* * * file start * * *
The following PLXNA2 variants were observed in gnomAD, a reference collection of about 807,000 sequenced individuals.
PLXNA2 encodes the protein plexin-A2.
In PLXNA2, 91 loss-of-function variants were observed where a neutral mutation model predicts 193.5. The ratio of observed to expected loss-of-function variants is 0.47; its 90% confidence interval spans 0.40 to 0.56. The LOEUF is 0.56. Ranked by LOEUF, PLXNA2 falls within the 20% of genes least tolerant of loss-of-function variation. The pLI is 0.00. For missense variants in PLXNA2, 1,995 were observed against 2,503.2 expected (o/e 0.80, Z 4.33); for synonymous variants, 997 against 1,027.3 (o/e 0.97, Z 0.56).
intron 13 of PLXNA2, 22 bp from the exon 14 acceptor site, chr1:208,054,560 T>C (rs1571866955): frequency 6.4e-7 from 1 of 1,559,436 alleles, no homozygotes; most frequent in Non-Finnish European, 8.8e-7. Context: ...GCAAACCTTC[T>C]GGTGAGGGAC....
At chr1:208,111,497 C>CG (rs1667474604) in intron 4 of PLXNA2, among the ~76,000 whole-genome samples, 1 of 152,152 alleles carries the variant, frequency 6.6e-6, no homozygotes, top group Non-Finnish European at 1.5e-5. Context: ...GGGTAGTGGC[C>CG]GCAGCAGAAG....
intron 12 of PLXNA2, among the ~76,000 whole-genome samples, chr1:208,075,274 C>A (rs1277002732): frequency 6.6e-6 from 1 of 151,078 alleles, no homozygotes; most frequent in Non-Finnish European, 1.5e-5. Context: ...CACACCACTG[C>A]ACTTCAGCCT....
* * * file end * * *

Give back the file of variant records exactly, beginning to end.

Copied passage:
The following PLXNA2 variants were observed in gnomAD, a reference collection of about 807,000 sequenced individuals.
PLXNA2 encodes the protein plexin-A2.
In PLXNA2, 91 loss-of-function variants were observed where a neutral mutation model predicts 193.5. The ratio of observed to expected loss-of-function variants is 0.47; its 90% confidence interval spans 0.40 to 0.56. The LOEUF is 0.56. Ranked by LOEUF, PLXNA2 falls within the 20% of genes least tolerant of loss-of-function variation. The pLI is 0.00. For missense variants in PLXNA2, 1,995 were observed against 2,503.2 expected (o/e 0.80, Z 4.33); for synonymous variants, 997 against 1,027.3 (o/e 0.97, Z 0.56).
intron 13 of PLXNA2, 22 bp from the exon 14 acceptor site, chr1:208,054,560 T>C (rs1571866955): frequency 6.4e-7 from 1 of 1,559,436 alleles, no homozygotes; most frequent in Non-Finnish European, 8.8e-7. Context: ...GCAAACCTTC[T>C]GGTGAGGGAC....
At chr1:208,111,497 C>CG (rs1667474604) in intron 4 of PLXNA2, among the ~76,000 whole-genome samples, 1 of 152,152 alleles carries the variant, frequency 6.6e-6, no homozygotes, top group Non-Finnish European at 1.5e-5. Context: ...GGGTAGTGGC[C>CG]GCAGCAGAAG....
intron 12 of PLXNA2, among the ~76,000 whole-genome samples, chr1:208,075,274 C>A (rs1277002732): frequency 6.6e-6 from 1 of 151,078 alleles, no homozygotes; most frequent in Non-Finnish European, 1.5e-5. Context: ...CACACCACTG[C>A]ACTTCAGCCT....